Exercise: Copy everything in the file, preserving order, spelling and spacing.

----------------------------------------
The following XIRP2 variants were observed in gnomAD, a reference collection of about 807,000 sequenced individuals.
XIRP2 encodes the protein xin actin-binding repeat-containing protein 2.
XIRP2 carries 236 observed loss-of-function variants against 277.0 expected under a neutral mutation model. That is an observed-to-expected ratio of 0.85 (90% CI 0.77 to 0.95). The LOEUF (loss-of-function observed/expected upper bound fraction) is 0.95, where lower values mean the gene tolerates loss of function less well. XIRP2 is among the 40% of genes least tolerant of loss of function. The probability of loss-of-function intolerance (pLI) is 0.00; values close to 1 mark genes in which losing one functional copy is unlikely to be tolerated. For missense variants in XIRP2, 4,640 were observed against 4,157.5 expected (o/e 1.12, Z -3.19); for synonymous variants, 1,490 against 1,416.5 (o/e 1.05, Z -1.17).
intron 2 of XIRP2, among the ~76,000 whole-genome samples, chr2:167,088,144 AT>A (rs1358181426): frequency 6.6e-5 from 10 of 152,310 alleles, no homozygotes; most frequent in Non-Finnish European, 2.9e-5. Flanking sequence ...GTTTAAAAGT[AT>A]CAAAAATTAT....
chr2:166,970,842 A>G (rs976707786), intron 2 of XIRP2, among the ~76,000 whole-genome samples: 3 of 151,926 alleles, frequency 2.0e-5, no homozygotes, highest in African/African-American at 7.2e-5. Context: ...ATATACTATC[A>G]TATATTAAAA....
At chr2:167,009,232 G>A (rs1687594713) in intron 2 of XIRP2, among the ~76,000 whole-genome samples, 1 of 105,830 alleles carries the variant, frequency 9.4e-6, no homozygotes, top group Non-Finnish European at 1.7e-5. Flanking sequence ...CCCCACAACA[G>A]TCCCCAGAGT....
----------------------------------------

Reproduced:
The following XIRP2 variants were observed in gnomAD, a reference collection of about 807,000 sequenced individuals.
XIRP2 encodes the protein xin actin-binding repeat-containing protein 2.
XIRP2 carries 236 observed loss-of-function variants against 277.0 expected under a neutral mutation model. That is an observed-to-expected ratio of 0.85 (90% CI 0.77 to 0.95). The LOEUF (loss-of-function observed/expected upper bound fraction) is 0.95, where lower values mean the gene tolerates loss of function less well. XIRP2 is among the 40% of genes least tolerant of loss of function. The probability of loss-of-function intolerance (pLI) is 0.00; values close to 1 mark genes in which losing one functional copy is unlikely to be tolerated. For missense variants in XIRP2, 4,640 were observed against 4,157.5 expected (o/e 1.12, Z -3.19); for synonymous variants, 1,490 against 1,416.5 (o/e 1.05, Z -1.17).
intron 2 of XIRP2, among the ~76,000 whole-genome samples, chr2:167,088,144 AT>A (rs1358181426): frequency 6.6e-5 from 10 of 152,310 alleles, no homozygotes; most frequent in Non-Finnish European, 2.9e-5. Flanking sequence ...GTTTAAAAGT[AT>A]CAAAAATTAT....
chr2:166,970,842 A>G (rs976707786), intron 2 of XIRP2, among the ~76,000 whole-genome samples: 3 of 151,926 alleles, frequency 2.0e-5, no homozygotes, highest in African/African-American at 7.2e-5. Context: ...ATATACTATC[A>G]TATATTAAAA....
At chr2:167,009,232 G>A (rs1687594713) in intron 2 of XIRP2, among the ~76,000 whole-genome samples, 1 of 105,830 alleles carries the variant, frequency 9.4e-6, no homozygotes, top group Non-Finnish European at 1.7e-5. Flanking sequence ...CCCCACAACA[G>A]TCCCCAGAGT....